The Tick Business Has Evolved
At the outset of our blog, in its infancy, its very first word was “tick.” That was close to a decade ago(!), and this parasite has actually changed somewhat in the intervening time. Ticks have always seemed to bask in their natural aura—silent, agile, creepy—but they are also sophisticated and smart. Perhaps you think of them as simple creatures, but they are continually workshopping novel ways to irritate and endanger us. Some of their routines, like Lyme disease, are well-worn performances. Every few years, though, they unveil a new technique to stay relevant and remind us of our vulnerabilities.
Tick species used to operate each in their own confined region of the country, but climate change has allowed them to comfortably expand into territory where the weather was previously inhospitable. Our increased access to transportation affords them the opportunity to travel by stowing away on humans, goods, or domestic animals. Wildlife is pressured to relocate due to human infringement on their habitat, and one deer might easily haul hundreds of ticks at a time. The Asian longhorned tick is a newcomer that has been present on this continent for only five or ten years; scientists are unsure how it navigated 5,000 miles (mostly over water), but we’re pretty sure it didn’t crawl the whole way.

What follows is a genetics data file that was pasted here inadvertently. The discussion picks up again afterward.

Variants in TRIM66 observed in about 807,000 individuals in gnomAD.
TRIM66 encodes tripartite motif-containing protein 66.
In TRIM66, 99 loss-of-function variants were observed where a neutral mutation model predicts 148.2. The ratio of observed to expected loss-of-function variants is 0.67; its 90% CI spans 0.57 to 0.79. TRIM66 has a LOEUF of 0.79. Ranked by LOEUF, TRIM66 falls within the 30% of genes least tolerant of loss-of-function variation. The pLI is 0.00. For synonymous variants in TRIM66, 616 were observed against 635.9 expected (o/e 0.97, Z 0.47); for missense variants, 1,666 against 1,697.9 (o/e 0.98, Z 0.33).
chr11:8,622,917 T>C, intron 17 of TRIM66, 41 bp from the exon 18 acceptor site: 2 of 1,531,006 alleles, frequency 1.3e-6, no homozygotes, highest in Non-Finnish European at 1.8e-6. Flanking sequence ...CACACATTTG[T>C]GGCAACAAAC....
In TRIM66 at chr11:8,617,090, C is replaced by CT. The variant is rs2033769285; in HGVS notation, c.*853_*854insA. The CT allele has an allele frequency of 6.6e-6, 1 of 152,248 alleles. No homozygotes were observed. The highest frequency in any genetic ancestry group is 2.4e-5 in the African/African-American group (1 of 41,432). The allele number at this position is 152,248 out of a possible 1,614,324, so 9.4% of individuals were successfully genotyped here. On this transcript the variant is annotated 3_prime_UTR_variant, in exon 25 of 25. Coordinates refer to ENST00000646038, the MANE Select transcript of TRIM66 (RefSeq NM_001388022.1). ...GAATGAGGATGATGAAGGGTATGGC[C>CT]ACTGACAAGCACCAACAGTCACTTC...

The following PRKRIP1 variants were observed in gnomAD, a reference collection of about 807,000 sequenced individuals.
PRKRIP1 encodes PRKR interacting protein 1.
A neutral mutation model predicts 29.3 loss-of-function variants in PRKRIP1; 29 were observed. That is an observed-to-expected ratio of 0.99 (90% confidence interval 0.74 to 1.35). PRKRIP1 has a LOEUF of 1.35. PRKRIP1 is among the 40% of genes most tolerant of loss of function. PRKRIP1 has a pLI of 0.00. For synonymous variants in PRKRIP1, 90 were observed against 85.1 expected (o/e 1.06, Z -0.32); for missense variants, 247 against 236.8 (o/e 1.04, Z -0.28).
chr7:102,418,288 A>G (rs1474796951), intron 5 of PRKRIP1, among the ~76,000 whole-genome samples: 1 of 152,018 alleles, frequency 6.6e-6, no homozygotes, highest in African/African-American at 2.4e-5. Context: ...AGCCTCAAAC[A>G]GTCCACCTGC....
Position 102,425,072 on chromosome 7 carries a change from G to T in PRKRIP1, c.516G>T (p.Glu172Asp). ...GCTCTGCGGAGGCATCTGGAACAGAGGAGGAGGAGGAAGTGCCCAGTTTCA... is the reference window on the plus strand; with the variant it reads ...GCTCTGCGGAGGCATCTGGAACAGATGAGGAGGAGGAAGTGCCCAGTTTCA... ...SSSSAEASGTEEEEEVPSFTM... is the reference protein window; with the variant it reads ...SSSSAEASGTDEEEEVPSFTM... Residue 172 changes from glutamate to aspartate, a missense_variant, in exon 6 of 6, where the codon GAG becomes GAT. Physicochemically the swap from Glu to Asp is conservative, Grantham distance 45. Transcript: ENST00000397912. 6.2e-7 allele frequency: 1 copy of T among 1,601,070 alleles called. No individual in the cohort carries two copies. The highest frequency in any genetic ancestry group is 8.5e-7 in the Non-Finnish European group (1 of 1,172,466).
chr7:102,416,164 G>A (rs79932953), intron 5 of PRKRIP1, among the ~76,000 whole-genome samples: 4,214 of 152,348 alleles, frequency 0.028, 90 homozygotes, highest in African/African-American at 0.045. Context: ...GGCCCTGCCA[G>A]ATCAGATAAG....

Surveillance agencies are recording a wider variety of tick species in all regions, so doctors and veterinarians are confronting unfamiliar illnesses. Furthermore, brand-new parasite-borne diseases debut every couple of years, just to keep us all off balance. Bourbon virus, Heartland virus, and Powassan are some examples; all three are steadily becoming more widespread, and none of them are susceptible to antibiotics.
Did you know that tick bites themselves can inflict real damage, in the absence of a germ? Five different kinds of tick can completely paralyze your dog (or child) with a single bite. The Lone Star tick is a standout for innovation in the field of human torture, since its bite can supercharge your immune system to react against meat. This way you can be reminded of your one-time tick bite every time you try to eat. Reactions can be fatal.
Think you’ve heard it all? Allow me to introduce the all-time winner in reproduction excellence: that globetrotting nuisance, the Asian longhorn, has no need for a mate. That’s right, she can clone herself and lay thousands of eggs while the males are all relaxing on the other side of the planet. Also a winner in the category of enthusiasm, the longhorn is known to swarm in such numbers that they can drop a thousand-pound cow. And kill it. By sucking out all of its blood.
These loathsome little vampires have always gone the extra mile to annoy and infect us; this last decade, they’ve really outdone themselves. Today’s pets are lucky to have several very reliable single-use parasite preventatives, but maintaining your safety, as a human, is much more problematic. There’s no cure or vaccine for many of the tick-borne conditions, so you must apply repellent periodically and remain vigilant whenever you’re enjoying the outdoors.
Dr. M.S. Regan